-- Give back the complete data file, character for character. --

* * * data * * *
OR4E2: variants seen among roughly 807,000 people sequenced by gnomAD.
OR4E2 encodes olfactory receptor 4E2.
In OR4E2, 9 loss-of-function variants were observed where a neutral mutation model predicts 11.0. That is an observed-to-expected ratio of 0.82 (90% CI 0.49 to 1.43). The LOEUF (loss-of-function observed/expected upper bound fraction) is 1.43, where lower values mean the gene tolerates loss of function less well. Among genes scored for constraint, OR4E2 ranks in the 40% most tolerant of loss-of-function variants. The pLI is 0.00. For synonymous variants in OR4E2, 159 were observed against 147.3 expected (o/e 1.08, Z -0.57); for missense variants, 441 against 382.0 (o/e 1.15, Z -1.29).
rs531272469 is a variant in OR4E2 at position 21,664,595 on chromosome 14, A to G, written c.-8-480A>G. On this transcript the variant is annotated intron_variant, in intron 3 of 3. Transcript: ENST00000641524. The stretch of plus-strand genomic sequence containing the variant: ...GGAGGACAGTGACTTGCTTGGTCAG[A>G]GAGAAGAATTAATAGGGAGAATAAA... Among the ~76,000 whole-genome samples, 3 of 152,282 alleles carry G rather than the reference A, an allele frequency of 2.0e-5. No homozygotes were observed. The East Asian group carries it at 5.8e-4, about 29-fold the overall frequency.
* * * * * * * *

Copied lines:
OR4E2: variants seen among roughly 807,000 people sequenced by gnomAD.
OR4E2 encodes olfactory receptor 4E2.
In OR4E2, 9 loss-of-function variants were observed where a neutral mutation model predicts 11.0. That is an observed-to-expected ratio of 0.82 (90% CI 0.49 to 1.43). The LOEUF (loss-of-function observed/expected upper bound fraction) is 1.43, where lower values mean the gene tolerates loss of function less well. Among genes scored for constraint, OR4E2 ranks in the 40% most tolerant of loss-of-function variants. The pLI is 0.00. For synonymous variants in OR4E2, 159 were observed against 147.3 expected (o/e 1.08, Z -0.57); for missense variants, 441 against 382.0 (o/e 1.15, Z -1.29).
rs531272469 is a variant in OR4E2 at position 21,664,595 on chromosome 14, A to G, written c.-8-480A>G. On this transcript the variant is annotated intron_variant, in intron 3 of 3. Transcript: ENST00000641524. The stretch of plus-strand genomic sequence containing the variant: ...GGAGGACAGTGACTTGCTTGGTCAG[A>G]GAGAAGAATTAATAGGGAGAATAAA... Among the ~76,000 whole-genome samples, 3 of 152,282 alleles carry G rather than the reference A, an allele frequency of 2.0e-5. No homozygotes were observed. The East Asian group carries it at 5.8e-4, about 29-fold the overall frequency.